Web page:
Rabbi Sid’s essay analyzing the state of the American Jewish community was thoughtful and on the mark. I appreciated his perspective, agreed with most of his ideas and adored others. His assessment that the 21st century cries out for a spiritual response is spot on and applies to the Jewish community as well as other faith communities. Here are my observations:
We are not the first Jewish community to confront change, and certainly not the last. Furthermore, I see our current challenges as rather benign in comparison to other periods in our history. For most of our 3000+ years, Jewish survival has been abetted by people hating us. Hey, it’s easy to stay Jewish when you’re confined to a ghetto. However, for many generations in America, we have been accepted, even embraced. During much of this time, we nevertheless coalesced around the idea that “they hate us” by self-defining around the Holocaust, the persecution of Soviet Jewry and the precariousness of the State of Israel.
Post Holocaust and 70 years after the establishment of the State of Israel, I do not see a Jewish community in crisis. If anything, we’ve won the birthright lottery. Crisis is war, dysfunctional families, abuse, disease, depression, poverty, genocide, hunger and the homeless. How Judaism responds to these real crises—mostly happening outside of the confines of the Jewish community–ultimately determines the spiritual health and relevance of our Jewish community.
Being relevant is what has allowed us to thrive, evolve and transition. It has been the key to Jewish survival: Constant adaptation to new circumstances, allowing ancient truths to keep being relevant. The Talmud was all about Judaism remaining relevant for a stateless people. This is the gift we are given, not a crisis we must confront.
Temples and JCC’s once had a monopoly on doing Jewish – and they did it very well. Today’s new media/digital reality allows everybody to reach anybody. Zuckerberg’s Facebook, like Gutenberg’s printing press, has leveled the playing field and returned power and responsibility to the people.
In order for religion to be relevant, the message must be heard, and that message must address the needs of the community. Passion is the fuel of success and no one has a monopoly on passion. Not the Orthodox or the Reconstructing, not the left or the right. If Not Now has passion and so does AIPAC, JStreet, our synagogues and Federations. Judaism is not science; it is art and spirit. If we want a renaissance, we need to address what matters to the people. The group that speaks to this, succeeds.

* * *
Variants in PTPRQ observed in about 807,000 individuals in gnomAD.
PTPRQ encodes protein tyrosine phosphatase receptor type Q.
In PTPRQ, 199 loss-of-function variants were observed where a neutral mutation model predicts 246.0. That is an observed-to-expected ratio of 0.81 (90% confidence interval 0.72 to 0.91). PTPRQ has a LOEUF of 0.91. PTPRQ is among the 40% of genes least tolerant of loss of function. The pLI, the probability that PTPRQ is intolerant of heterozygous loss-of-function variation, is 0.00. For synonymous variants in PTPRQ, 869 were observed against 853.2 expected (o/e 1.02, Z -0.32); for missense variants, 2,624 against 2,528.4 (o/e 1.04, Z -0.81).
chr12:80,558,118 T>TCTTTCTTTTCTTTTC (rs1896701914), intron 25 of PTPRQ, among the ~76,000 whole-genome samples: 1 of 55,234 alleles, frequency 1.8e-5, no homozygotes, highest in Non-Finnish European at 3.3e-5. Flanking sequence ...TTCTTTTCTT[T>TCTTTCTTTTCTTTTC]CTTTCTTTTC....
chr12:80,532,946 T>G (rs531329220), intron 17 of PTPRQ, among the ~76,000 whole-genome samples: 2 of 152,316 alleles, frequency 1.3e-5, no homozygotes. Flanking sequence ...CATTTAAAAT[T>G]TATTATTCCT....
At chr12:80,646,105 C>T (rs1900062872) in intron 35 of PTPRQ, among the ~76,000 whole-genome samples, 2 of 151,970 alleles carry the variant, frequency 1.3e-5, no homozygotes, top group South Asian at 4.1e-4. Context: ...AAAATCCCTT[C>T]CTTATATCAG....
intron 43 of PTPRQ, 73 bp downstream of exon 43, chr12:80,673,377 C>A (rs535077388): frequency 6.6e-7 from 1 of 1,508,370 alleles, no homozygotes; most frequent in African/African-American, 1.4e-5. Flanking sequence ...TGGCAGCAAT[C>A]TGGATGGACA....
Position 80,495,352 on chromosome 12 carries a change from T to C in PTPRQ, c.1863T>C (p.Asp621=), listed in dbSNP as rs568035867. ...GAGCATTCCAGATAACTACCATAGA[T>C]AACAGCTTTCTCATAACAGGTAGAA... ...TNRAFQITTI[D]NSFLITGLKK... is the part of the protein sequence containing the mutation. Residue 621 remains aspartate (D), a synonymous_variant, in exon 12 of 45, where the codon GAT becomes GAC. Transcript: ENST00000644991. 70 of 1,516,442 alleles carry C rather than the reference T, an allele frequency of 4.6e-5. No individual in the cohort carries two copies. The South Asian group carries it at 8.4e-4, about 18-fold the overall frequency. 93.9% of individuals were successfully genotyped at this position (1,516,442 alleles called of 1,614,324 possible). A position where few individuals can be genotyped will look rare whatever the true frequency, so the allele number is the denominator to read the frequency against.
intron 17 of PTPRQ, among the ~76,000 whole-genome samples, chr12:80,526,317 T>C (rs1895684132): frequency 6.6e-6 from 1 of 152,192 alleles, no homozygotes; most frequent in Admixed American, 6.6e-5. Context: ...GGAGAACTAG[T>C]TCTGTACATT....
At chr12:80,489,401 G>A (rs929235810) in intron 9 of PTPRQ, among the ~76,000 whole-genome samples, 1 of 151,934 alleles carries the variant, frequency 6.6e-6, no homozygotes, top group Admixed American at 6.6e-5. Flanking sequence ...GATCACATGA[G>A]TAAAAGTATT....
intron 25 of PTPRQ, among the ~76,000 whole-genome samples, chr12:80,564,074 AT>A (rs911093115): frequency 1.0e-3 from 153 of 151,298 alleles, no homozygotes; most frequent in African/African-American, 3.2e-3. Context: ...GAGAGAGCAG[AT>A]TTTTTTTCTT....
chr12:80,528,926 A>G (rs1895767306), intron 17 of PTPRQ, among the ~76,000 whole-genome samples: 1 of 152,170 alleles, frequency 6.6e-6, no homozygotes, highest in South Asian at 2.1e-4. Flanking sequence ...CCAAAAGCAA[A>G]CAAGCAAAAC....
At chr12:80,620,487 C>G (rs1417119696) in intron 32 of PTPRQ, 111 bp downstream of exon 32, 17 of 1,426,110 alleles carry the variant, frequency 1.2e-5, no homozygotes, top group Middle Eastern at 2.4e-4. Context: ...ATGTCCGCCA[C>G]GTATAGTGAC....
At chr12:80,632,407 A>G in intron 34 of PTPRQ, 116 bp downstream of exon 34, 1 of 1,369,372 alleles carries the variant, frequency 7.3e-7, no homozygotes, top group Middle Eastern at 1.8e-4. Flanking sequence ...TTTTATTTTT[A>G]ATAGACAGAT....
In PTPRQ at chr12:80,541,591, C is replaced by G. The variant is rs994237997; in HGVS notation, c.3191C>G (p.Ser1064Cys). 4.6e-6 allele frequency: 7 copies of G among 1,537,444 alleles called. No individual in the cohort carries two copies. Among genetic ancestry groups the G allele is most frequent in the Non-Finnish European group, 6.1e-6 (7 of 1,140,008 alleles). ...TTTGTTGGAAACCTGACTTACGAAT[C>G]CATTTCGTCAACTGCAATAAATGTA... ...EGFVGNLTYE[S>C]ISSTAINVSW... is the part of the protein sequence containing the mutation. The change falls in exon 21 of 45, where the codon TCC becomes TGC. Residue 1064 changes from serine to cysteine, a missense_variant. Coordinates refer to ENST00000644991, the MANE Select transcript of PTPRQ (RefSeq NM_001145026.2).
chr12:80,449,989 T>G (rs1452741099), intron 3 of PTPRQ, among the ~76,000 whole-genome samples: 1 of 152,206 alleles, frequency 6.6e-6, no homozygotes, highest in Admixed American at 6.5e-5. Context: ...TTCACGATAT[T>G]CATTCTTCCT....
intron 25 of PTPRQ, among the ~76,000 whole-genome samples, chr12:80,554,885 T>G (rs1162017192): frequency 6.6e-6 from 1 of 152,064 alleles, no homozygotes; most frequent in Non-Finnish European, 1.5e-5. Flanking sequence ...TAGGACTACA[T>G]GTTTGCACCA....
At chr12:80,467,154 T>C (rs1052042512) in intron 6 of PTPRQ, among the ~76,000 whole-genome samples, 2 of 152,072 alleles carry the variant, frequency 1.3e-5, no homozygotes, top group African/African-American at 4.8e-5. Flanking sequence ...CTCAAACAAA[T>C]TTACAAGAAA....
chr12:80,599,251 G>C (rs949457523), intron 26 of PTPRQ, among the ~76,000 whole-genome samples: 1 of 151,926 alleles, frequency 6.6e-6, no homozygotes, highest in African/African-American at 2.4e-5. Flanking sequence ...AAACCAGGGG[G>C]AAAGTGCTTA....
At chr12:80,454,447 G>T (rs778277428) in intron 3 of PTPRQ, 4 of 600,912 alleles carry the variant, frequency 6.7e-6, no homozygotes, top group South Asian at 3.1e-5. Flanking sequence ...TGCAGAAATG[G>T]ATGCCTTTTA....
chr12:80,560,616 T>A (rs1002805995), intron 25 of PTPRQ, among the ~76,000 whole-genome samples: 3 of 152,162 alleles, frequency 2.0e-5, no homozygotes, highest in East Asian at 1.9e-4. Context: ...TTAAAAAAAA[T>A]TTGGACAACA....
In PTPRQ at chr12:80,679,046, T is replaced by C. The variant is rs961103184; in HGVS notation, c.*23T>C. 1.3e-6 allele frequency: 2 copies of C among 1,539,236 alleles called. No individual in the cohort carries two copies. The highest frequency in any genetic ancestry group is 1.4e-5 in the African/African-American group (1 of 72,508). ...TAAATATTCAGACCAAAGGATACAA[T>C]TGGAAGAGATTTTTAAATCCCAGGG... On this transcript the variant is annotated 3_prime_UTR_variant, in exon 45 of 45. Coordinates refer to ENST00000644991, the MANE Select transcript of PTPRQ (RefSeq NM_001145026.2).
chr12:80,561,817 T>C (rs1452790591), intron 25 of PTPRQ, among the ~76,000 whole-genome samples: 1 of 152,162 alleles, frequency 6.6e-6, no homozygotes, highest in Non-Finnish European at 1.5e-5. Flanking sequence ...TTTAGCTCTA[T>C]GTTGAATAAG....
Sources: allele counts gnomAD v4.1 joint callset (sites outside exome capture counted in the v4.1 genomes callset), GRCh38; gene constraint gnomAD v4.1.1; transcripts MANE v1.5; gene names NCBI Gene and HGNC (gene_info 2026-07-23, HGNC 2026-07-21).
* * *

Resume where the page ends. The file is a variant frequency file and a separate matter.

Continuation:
The best way to build passion is to find your truth by building relationships and spiritual connections. It may be a new Jewish world -and the only way to navigate it is with the Jewish values that we have inherited. Whether the focus be Wisdom (chochma), Sacred Purpose (Kedusha), Community (Kehillah), Social Justice (Tzedek) or some other yet-to-be-named proposition, the community that addresses the needs of its constituents will capture their hearts and determine the future.
The focus and mandate of the Pico Union Project is less about building a specific Jewish community and more about living Jewish values. The ancient principle “love your neighbor as you wish to be loved”, is central to our mission and we are committed to creating opportunities for all people who seek help, inspiration, love, joy and support.
Call it Abrahamic Big Tent Judaism, the Pico Union Project is open on all sides and strives to accentuate positive ways to be and to do Jewish. God knows (literally, as well as figuratively), there is plenty of positive in Judaism, so this shouldn’t be a stretch. But it requires exercising atrophied muscles and abandoning the current sinat chinam – bitter, petty rivalries – that tear our community apart.
As Rabbi Sid concludes: “It is just such spiritual leaders who will help usher in a new and vibrant era of American Jewish life. They will redefine the terms of Jewish identity and the structures of the institutions that guide the Jewish community. Their success will determine how well an ancient Jewish heritage can navigate the dizzying social changes that are destined to characterize the twenty-first century.”
The day is short and there is much work to be done! Let’s do it!
Craig Taubman’s music has been an inspiration to the Jewish community for over 40 years. In 2013, Craig purchased the first home of Sinai Temple in downtown Los Angeles creating the Pico Union Project – a multi faith, cultural arts center dedicated to the principle that we should strive to love our neighbors as we wish to be loved.